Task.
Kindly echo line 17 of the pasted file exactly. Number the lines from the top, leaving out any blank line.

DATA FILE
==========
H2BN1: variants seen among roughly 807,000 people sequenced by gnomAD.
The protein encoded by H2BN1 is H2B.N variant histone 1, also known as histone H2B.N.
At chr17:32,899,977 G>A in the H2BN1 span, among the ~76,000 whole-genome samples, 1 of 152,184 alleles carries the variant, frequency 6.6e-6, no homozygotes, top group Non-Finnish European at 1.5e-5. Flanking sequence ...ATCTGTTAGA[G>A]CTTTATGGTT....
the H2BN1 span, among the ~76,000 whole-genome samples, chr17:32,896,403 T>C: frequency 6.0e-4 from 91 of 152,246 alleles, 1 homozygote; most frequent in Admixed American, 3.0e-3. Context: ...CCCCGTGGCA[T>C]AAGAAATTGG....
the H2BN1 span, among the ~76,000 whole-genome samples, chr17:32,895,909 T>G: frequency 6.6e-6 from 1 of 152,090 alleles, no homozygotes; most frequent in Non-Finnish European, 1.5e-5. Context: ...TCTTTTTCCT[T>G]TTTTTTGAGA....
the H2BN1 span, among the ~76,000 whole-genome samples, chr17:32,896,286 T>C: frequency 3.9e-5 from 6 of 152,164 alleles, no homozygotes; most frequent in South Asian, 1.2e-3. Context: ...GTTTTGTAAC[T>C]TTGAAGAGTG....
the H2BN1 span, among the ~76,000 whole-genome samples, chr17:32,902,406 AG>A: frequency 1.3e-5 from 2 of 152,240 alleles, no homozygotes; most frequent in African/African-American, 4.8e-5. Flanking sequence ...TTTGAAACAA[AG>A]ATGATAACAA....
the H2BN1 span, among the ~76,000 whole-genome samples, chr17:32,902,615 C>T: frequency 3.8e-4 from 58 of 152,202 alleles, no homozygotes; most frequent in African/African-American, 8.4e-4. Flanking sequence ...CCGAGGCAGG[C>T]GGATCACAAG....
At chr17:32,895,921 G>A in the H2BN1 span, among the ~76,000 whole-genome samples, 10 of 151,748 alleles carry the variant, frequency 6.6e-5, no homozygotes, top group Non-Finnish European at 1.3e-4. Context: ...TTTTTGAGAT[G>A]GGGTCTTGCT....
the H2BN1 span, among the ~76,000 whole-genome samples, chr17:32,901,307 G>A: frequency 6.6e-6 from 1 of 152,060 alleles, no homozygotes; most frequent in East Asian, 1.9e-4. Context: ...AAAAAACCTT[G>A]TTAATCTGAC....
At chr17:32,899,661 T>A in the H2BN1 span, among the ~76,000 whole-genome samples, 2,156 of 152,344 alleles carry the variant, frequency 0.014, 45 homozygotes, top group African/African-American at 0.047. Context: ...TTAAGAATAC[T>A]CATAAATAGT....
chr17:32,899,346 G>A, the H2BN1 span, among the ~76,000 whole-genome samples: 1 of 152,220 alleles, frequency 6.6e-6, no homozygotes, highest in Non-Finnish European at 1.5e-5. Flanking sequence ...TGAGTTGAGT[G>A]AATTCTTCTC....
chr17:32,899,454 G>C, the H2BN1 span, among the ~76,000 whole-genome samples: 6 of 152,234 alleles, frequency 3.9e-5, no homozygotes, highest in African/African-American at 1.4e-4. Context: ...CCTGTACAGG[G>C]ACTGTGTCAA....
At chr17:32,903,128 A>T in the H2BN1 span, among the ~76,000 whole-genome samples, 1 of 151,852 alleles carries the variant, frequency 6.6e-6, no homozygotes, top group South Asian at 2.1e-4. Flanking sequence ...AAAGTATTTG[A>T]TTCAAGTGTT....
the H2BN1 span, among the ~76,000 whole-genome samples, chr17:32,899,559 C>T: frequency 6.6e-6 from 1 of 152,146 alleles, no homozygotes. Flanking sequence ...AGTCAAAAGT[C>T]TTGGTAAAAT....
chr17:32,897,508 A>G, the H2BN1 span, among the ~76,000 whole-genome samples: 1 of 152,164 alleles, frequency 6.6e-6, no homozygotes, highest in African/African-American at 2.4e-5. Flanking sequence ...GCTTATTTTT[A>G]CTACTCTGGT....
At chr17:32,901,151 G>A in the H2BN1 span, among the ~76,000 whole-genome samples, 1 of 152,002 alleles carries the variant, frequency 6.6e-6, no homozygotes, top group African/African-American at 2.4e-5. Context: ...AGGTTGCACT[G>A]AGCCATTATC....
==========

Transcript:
At chr17:32,901,151 G>A in the H2BN1 span, among the ~76,000 whole-genome samples, 1 of 152,002 alleles carries the variant, frequency 6.6e-6, no homozygotes, top group African/African-American at 2.4e-5. Context: ...AGGTTGCACT[G>A]AGCCATTATC....